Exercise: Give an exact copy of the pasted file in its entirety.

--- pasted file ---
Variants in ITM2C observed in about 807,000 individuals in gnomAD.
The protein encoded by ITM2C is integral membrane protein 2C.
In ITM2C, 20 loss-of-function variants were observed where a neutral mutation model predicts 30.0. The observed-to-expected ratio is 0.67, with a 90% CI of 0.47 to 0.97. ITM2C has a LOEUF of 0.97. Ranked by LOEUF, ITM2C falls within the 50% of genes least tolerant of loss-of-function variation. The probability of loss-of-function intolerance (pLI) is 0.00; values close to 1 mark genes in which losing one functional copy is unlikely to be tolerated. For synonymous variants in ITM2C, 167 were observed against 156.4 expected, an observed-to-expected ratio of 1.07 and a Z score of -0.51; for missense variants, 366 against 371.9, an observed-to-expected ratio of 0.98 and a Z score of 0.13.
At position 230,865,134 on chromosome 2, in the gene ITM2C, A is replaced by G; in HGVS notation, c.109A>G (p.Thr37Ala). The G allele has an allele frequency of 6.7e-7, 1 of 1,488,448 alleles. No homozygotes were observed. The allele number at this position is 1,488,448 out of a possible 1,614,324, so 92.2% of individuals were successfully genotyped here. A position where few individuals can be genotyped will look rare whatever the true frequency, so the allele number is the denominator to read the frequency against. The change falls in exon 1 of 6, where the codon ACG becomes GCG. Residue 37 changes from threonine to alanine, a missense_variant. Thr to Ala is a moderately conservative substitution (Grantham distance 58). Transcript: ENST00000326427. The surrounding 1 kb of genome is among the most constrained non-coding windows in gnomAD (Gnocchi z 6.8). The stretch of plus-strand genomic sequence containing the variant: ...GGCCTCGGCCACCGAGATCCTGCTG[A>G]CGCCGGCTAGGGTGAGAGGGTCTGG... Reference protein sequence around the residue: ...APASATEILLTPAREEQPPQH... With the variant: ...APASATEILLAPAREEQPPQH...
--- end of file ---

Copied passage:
Variants in ITM2C observed in about 807,000 individuals in gnomAD.
The protein encoded by ITM2C is integral membrane protein 2C.
In ITM2C, 20 loss-of-function variants were observed where a neutral mutation model predicts 30.0. The observed-to-expected ratio is 0.67, with a 90% CI of 0.47 to 0.97. ITM2C has a LOEUF of 0.97. Ranked by LOEUF, ITM2C falls within the 50% of genes least tolerant of loss-of-function variation. The probability of loss-of-function intolerance (pLI) is 0.00; values close to 1 mark genes in which losing one functional copy is unlikely to be tolerated. For synonymous variants in ITM2C, 167 were observed against 156.4 expected, an observed-to-expected ratio of 1.07 and a Z score of -0.51; for missense variants, 366 against 371.9, an observed-to-expected ratio of 0.98 and a Z score of 0.13.
At position 230,865,134 on chromosome 2, in the gene ITM2C, A is replaced by G; in HGVS notation, c.109A>G (p.Thr37Ala). The G allele has an allele frequency of 6.7e-7, 1 of 1,488,448 alleles. No homozygotes were observed. The allele number at this position is 1,488,448 out of a possible 1,614,324, so 92.2% of individuals were successfully genotyped here. A position where few individuals can be genotyped will look rare whatever the true frequency, so the allele number is the denominator to read the frequency against. The change falls in exon 1 of 6, where the codon ACG becomes GCG. Residue 37 changes from threonine to alanine, a missense_variant. Thr to Ala is a moderately conservative substitution (Grantham distance 58). Transcript: ENST00000326427. The surrounding 1 kb of genome is among the most constrained non-coding windows in gnomAD (Gnocchi z 6.8). The stretch of plus-strand genomic sequence containing the variant: ...GGCCTCGGCCACCGAGATCCTGCTG[A>G]CGCCGGCTAGGGTGAGAGGGTCTGG... Reference protein sequence around the residue: ...APASATEILLTPAREEQPPQH... With the variant: ...APASATEILLAPAREEQPPQH...